U.S. District Judge Lawrence L. Piersol delivered the first ruling on TCF Bank’s legal challenge to the Durbin Amendment, leaving both the bank and the Federal Reserve dissatisfied.
As a refresher, the Fed proposed limiting debit “swipe” fees to 12 cents per transaction, but exempted small community banks and credit unions. The exemption was meant to address the unique challenges of small banks, which often face higher fraud prevention costs and pass more of their profits on to their customers. Credit unions, in particular, are not-for-profit institutions that tend to translate interchange fee revenue into greater benefits for their members.
TCF argued that the Fed’s interchange fee regulation proposal was unconstitutional, as it gave an unfair advantage to small banks in violation of the Constitution’s Equal Protection clause. “The purpose of sound regulation is to introduce or advance competition, not to destroy it,” said TCF lawyer Timothy Kelly.
But the Federal Reserve countered that interchange fee regulation was well within its powers. “[Interchange revenue] is not a fundamental right,” said Justice Department lawyer Bradley Cohen. He further argued that TCF’s lost revenue was purely theoretical, and the regulations haven’t been finalised yet.
Not without merit, but not enough for a stay
Judge Piersol refused to delay the law’s implementation while the lawsuit makes its way through the courts, a setback for TCF. However, he also refused to outright dismiss the case, dashing the Fed’s hopes to avoid another day in court.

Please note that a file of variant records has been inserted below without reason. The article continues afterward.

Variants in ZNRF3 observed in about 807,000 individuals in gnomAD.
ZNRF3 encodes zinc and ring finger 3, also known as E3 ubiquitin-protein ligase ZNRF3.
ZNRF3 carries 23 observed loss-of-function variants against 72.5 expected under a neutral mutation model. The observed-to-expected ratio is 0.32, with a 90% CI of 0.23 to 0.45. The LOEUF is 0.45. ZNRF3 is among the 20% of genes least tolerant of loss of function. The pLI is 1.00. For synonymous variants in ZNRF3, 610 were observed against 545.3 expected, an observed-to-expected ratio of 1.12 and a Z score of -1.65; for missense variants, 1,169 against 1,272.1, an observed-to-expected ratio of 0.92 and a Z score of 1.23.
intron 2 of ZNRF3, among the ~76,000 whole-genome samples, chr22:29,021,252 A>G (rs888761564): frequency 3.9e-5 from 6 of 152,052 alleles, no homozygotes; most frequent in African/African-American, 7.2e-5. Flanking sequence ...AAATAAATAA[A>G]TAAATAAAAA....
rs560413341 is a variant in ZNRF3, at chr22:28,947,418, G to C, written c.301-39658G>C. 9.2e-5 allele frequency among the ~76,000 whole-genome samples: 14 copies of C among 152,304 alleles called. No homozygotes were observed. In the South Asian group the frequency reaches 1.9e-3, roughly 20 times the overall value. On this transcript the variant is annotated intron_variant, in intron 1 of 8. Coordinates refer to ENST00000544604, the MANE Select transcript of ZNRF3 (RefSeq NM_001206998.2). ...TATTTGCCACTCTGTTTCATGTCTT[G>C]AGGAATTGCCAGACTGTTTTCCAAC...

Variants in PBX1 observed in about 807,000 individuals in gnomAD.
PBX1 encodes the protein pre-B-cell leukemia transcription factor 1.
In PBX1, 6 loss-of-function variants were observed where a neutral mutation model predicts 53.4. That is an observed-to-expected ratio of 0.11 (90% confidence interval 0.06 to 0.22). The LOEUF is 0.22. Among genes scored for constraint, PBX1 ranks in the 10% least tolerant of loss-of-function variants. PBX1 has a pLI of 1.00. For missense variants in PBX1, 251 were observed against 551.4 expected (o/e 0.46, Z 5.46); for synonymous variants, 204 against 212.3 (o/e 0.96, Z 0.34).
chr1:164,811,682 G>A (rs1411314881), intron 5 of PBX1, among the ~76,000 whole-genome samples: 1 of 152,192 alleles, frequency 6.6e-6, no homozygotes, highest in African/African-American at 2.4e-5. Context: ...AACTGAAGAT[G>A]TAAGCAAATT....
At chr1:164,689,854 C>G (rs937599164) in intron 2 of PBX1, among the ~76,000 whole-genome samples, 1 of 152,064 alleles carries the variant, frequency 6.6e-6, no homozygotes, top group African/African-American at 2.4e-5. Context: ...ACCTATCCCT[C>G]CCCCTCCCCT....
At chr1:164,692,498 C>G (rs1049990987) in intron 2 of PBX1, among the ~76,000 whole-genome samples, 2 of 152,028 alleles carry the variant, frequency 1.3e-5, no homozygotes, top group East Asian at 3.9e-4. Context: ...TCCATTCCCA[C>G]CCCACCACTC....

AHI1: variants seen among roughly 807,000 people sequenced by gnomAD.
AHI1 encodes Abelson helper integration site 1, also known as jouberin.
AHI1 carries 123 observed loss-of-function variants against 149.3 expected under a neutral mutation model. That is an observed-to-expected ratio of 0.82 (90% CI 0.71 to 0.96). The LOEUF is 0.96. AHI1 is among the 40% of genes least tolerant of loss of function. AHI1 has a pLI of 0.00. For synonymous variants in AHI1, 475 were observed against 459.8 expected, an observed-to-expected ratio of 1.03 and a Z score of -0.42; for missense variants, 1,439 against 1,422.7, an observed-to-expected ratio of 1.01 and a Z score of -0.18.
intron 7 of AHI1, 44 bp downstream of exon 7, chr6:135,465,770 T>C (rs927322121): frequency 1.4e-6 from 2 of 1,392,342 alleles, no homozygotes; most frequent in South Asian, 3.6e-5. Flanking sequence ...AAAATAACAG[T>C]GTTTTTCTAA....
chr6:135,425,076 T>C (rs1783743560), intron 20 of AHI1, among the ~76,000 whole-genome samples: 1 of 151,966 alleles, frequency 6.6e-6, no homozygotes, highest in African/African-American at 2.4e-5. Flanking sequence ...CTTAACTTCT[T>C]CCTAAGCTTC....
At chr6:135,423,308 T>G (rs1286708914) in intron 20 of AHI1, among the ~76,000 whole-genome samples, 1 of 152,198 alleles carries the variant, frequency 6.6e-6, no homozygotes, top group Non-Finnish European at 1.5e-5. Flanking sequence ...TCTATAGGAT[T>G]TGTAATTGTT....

While Judge Piersol refused to block the law’s implementation, he noted his concern that the small bank exemption violated the Fourteenth Amendment Equal Protection clause.
The judge refused to rule on the merits of the case, but seemed sympathetic to TCF’s constitutional challenge. He said that the bank could reasonably expect to earn interchange fees under its contracts with the network giants Visa and MasterCard.
The decision was not an unqualified win for TCF, but Chairman and CEO William Cooper expressed cautious optimism on Monday. Cooper told Bloomberg after Monday’s court proceedings: “I think everybody is uncertain as to [the ruling] all means. [Judge Piersol] seemed to be very encouraging on the issue of equal protection.”
A competitive advantage for the underdogs?
Regardless of whether the exemption is ruled unconstitutional, it’s hard to imagine any large banks failing solely because of swipe fee laws. Small banks and credit unions tend to have higher costs per transaction, so they have smaller profit margins on interchange fees. Large banks, on the other hand, can take advantage of economies of scale to keep costs low and ride out the challenge.
In any case, large for-profit banks already trump credit unions and regional banks in terms of market share, despite the better terms offered by smaller institutions. For example, credit unions offer lower interest rates, lower fees, and higher yields on savings accounts on average than their bigger cousins. However, their market share is confined to around 6%. It is unlikely that this small, relatively underutilized group would spring to the fore solely because of interchange fees when they have yet to fully leverage what they already offer.